Last Big Backpacking Trip

Before leaving on our five year sailing circumnavigation on Tahina, I wanted to have one last big backpacking trip with some of my friends. So, I invited Fred and Andy, who also live in North Carolina, and we flew out to Arizona to meet a third friend of mine, Jim, who lives in Tucson. Jim works at the University of Arizona where we both got our degrees – many years ago!

Once in Tucson, I took my friends on a tour of the UofA campus and we picked up Jim at his office in the Lunar Planetary Labs. Then we drove out to Kitt Peak National Observatory and spent the day touring the many telescopes on this impressive mountaintop. Jim gave us a private tour of the mountain – since he’s been working up there for many years. We got to see and talk to some astronomers at work on the McMath Solar observatory who were conducting experiments while we were there.

The next day, I took Fred and Andy on an early morning hike in the Saguaro National Forest. They were awed by the beauty of the desert and the huge saguaro cacti (which happen to bloom flowers on their tops in mid-spring). We later went to the awesome Desert Museum – which I highly recommend to anyone visiting the Tucson area. Here you see and learn about the flora and fauna of the desert. They have some awesome exhibits at the museum. Later in the day we ended up at Gates Pass in the Tucson Mountains to view the sunset. Andy got up close and personal, unintentionally, with a rattlesnake after sunset. But, they went their separate ways without harming one another (look for the picture).

Later in the week, we drove south to Green Valley and then headed southeast up Madera Canyon. Our objective was to put on backpacks and spend three days ascending Mt. Wrightson which is next to Mt. Hopkins (home to another set of observatories), camp out at night and see the stars, and see (and photo) as many sights as possible. We all made it to the top, and took a lot of pictures along the way.

You can see a travelogue of the entire trip in Google Earth by downloading this file . The file includes GPS tracks of the various routes we took, a special colorized GPS track of our ascent of Mt Wrightson which indicates altitude change, and thumbnails to some photos we took – which are geotagged to the location where the shots were taken. NOTE: read the instructions in the loaded file and make sure you turn on the Historical Imagery mode in Google Earth 5 to see the best views.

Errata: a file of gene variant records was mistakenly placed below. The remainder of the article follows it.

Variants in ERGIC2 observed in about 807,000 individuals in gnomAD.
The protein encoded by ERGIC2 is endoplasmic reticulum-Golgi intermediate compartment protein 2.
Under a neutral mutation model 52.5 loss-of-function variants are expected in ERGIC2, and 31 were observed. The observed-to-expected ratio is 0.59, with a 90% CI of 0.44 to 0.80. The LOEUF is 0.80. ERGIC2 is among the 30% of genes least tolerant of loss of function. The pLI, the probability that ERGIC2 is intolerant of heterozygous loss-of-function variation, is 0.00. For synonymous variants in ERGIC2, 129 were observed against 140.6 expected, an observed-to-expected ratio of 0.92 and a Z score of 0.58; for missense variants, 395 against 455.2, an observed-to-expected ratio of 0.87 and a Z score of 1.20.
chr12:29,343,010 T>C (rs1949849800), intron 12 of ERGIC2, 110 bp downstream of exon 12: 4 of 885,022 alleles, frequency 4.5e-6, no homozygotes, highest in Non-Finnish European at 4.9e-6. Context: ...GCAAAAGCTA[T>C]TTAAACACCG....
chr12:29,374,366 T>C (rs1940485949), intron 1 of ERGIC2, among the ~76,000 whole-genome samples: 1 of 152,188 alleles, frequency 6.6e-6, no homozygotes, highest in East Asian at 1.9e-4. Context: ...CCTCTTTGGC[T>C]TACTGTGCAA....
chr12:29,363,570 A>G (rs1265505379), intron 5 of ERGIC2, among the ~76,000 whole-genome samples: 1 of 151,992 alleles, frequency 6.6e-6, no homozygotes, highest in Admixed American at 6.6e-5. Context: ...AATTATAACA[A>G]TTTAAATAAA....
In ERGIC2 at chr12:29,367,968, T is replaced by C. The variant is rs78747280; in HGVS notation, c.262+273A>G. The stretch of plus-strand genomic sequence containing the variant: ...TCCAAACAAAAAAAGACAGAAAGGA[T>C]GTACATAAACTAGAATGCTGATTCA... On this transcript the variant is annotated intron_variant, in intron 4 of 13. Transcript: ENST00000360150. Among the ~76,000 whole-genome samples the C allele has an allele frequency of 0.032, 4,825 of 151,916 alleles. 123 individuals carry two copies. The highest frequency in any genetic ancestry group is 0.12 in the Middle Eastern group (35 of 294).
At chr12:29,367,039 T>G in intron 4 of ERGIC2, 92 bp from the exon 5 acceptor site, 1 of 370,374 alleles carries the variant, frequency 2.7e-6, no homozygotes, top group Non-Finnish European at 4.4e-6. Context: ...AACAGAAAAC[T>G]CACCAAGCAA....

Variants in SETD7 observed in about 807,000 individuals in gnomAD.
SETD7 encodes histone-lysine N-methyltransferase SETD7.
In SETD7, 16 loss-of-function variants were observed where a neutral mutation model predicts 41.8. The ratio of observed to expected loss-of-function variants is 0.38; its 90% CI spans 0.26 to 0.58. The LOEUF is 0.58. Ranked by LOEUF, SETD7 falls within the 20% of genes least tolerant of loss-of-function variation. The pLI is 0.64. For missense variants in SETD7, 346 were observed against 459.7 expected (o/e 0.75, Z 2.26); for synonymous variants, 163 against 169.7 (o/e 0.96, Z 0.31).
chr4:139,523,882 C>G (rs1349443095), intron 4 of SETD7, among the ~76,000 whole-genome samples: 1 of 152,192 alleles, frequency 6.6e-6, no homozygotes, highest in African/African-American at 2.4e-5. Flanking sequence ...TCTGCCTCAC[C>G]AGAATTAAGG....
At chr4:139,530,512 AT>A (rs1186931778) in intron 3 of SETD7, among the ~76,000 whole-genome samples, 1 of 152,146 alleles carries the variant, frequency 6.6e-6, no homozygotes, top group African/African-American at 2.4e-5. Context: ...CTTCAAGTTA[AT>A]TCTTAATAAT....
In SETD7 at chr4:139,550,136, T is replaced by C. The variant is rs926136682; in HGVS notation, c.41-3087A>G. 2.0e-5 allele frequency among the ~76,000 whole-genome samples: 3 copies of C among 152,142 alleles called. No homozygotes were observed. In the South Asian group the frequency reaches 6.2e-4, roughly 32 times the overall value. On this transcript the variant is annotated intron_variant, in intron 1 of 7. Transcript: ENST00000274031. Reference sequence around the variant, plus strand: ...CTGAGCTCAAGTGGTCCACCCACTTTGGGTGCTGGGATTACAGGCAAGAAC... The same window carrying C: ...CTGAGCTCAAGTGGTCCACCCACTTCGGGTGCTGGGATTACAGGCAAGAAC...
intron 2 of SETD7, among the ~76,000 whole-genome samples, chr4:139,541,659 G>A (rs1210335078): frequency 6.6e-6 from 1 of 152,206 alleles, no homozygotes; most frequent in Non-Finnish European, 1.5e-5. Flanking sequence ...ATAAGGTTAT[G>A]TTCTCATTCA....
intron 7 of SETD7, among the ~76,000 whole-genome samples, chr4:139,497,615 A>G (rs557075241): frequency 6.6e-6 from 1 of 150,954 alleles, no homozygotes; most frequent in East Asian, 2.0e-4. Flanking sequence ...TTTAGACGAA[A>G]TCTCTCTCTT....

A better slideshow of the photos can be seen here (warning, there’s a lot of photos, but this is just some of the best of the many hundreds photos the four of us took during the trip):

Here is a link to the actual Google Photos album. You can view the “i” – information – and see titles to the slides and Geoposition data.

Footnote: I spent many hours gathering and processing the photos, tracks, and Google Earth content for this trip. I tried various experiments with the Google Earth file to best highlight the content. An attempt to use the new GE 5 Tours function ultimately did not turn out the way I wanted it, so I had to put that idea to rest. Right before I intended to publish this last weekend, Google released new imagery for Arizona that looks horrible! So, I added the instructions about the historical imagery mode so you could see better satellite imagery for the areas we visited.

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3 Responses to Last Big Backpacking Trip

  1. luv2boat says:

    Looks like you had a wonderful trip, Frank. The travelogue is awesome!! Great job pulling everything together. Is this what you intend to do on your the Tahina Expedition? You said you had to experiment with the GE file. Would love to know what you learned if ever you have a spare moment to sit down and chat. – Ed Cathey

  2. Christine says:

    I remember going down to the Desert Museum when I lived in PHX. I was looking through this window at the lovely flora and fauna, when something caught my eye moving just the other side of the window. Imagine the visitors surprise when I let out a yip and jumped back. No one told me that desert animals were part of the museum. There was a fully grown, brown and white, in all his glory mountain lion slepping against the window. Beautiful place.

  3. Frank Taylor says:

    @Ed: Yes, this is the kind of travelogue in Google Earth I plan to make available for TE. There are plans to make them available inside the browser and offer different zoom levels (basic paths of sailing routes at highest level, GPS tracks of our sightseeing on land at more zoomed-in levels).

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